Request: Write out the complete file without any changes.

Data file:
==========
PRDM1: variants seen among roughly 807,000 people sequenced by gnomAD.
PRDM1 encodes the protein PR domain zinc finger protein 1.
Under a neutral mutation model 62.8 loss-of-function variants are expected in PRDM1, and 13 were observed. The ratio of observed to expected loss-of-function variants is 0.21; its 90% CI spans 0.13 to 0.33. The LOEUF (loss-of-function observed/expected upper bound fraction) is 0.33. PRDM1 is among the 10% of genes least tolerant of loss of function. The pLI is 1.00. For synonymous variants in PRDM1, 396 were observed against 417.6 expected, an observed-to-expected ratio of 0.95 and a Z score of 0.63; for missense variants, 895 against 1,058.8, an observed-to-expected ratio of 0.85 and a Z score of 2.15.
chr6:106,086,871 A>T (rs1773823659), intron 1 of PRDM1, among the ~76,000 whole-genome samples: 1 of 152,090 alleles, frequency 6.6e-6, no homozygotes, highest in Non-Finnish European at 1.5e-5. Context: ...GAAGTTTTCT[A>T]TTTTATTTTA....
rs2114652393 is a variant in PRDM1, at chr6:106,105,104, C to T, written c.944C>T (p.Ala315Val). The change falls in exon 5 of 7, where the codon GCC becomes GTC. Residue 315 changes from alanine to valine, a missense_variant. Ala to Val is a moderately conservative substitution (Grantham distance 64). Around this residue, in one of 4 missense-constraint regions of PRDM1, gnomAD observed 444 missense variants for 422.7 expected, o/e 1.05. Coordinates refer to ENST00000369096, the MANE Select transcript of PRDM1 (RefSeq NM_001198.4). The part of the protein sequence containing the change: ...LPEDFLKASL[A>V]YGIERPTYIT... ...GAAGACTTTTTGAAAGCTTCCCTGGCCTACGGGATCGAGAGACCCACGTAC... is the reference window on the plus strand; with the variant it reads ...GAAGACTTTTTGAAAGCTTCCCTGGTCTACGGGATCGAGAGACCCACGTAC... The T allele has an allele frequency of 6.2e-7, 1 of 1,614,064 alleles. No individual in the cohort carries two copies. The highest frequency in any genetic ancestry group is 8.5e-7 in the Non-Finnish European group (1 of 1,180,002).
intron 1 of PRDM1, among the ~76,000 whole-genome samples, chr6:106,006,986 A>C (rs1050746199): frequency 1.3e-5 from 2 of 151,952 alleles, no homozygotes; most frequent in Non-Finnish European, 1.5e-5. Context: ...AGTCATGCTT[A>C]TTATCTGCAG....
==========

PRDM1: variants seen among roughly 807,000 people sequenced by gnomAD.
PRDM1 encodes the protein PR domain zinc finger protein 1.
Under a neutral mutation model 62.8 loss-of-function variants are expected in PRDM1, and 13 were observed. The ratio of observed to expected loss-of-function variants is 0.21; its 90% CI spans 0.13 to 0.33. The LOEUF (loss-of-function observed/expected upper bound fraction) is 0.33. PRDM1 is among the 10% of genes least tolerant of loss of function. The pLI is 1.00. For synonymous variants in PRDM1, 396 were observed against 417.6 expected, an observed-to-expected ratio of 0.95 and a Z score of 0.63; for missense variants, 895 against 1,058.8, an observed-to-expected ratio of 0.85 and a Z score of 2.15.
chr6:106,086,871 A>T (rs1773823659), intron 1 of PRDM1, among the ~76,000 whole-genome samples: 1 of 152,090 alleles, frequency 6.6e-6, no homozygotes, highest in Non-Finnish European at 1.5e-5. Context: ...GAAGTTTTCT[A>T]TTTTATTTTA....
rs2114652393 is a variant in PRDM1, at chr6:106,105,104, C to T, written c.944C>T (p.Ala315Val). The change falls in exon 5 of 7, where the codon GCC becomes GTC. Residue 315 changes from alanine to valine, a missense_variant. Ala to Val is a moderately conservative substitution (Grantham distance 64). Around this residue, in one of 4 missense-constraint regions of PRDM1, gnomAD observed 444 missense variants for 422.7 expected, o/e 1.05. Coordinates refer to ENST00000369096, the MANE Select transcript of PRDM1 (RefSeq NM_001198.4). The part of the protein sequence containing the change: ...LPEDFLKASL[A>V]YGIERPTYIT... ...GAAGACTTTTTGAAAGCTTCCCTGGCCTACGGGATCGAGAGACCCACGTAC... is the reference window on the plus strand; with the variant it reads ...GAAGACTTTTTGAAAGCTTCCCTGGTCTACGGGATCGAGAGACCCACGTAC... The T allele has an allele frequency of 6.2e-7, 1 of 1,614,064 alleles. No individual in the cohort carries two copies. The highest frequency in any genetic ancestry group is 8.5e-7 in the Non-Finnish European group (1 of 1,180,002).
intron 1 of PRDM1, among the ~76,000 whole-genome samples, chr6:106,006,986 A>C (rs1050746199): frequency 1.3e-5 from 2 of 151,952 alleles, no homozygotes; most frequent in Non-Finnish European, 1.5e-5. Context: ...AGTCATGCTT[A>C]TTATCTGCAG....